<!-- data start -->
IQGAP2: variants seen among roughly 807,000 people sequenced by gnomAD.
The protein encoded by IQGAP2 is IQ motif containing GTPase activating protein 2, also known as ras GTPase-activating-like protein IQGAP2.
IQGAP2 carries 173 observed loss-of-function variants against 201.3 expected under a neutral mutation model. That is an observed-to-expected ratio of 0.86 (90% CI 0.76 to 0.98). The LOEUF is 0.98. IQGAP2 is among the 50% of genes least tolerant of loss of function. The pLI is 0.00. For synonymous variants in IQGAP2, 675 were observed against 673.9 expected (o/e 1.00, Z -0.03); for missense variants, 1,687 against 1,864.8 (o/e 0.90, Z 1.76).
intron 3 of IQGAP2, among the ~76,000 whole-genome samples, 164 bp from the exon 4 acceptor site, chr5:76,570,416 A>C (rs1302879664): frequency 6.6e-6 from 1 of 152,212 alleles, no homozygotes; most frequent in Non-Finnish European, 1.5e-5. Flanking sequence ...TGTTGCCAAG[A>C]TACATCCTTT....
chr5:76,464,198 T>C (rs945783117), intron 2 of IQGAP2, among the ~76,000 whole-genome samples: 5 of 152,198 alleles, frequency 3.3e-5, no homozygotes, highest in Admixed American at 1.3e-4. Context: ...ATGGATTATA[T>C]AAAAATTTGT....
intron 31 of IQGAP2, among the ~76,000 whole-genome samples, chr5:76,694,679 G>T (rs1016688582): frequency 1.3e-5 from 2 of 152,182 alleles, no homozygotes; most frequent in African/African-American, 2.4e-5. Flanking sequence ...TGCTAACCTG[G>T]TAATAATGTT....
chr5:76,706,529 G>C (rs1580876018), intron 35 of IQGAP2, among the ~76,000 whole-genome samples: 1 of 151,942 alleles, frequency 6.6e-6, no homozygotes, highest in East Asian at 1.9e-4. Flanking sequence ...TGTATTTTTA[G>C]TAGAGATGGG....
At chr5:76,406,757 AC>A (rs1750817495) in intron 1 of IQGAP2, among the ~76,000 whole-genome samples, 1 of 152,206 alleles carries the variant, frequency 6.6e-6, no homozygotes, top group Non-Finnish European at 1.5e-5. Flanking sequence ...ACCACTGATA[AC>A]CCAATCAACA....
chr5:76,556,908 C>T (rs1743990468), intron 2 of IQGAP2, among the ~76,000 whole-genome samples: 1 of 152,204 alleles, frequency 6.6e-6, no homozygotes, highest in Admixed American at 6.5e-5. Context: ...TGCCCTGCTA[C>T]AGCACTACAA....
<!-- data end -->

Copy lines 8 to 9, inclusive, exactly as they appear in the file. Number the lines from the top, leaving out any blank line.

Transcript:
At chr5:76,406,757 AC>A (rs1750817495) in intron 1 of IQGAP2, among the ~76,000 whole-genome samples, 1 of 152,206 alleles carries the variant, frequency 6.6e-6, no homozygotes, top group Non-Finnish European at 1.5e-5. Flanking sequence ...ACCACTGATA[AC>A]CCAATCAACA....
chr5:76,556,908 C>T (rs1743990468), intron 2 of IQGAP2, among the ~76,000 whole-genome samples: 1 of 152,204 alleles, frequency 6.6e-6, no homozygotes, highest in Admixed American at 6.5e-5. Context: ...TGCCCTGCTA[C>T]AGCACTACAA....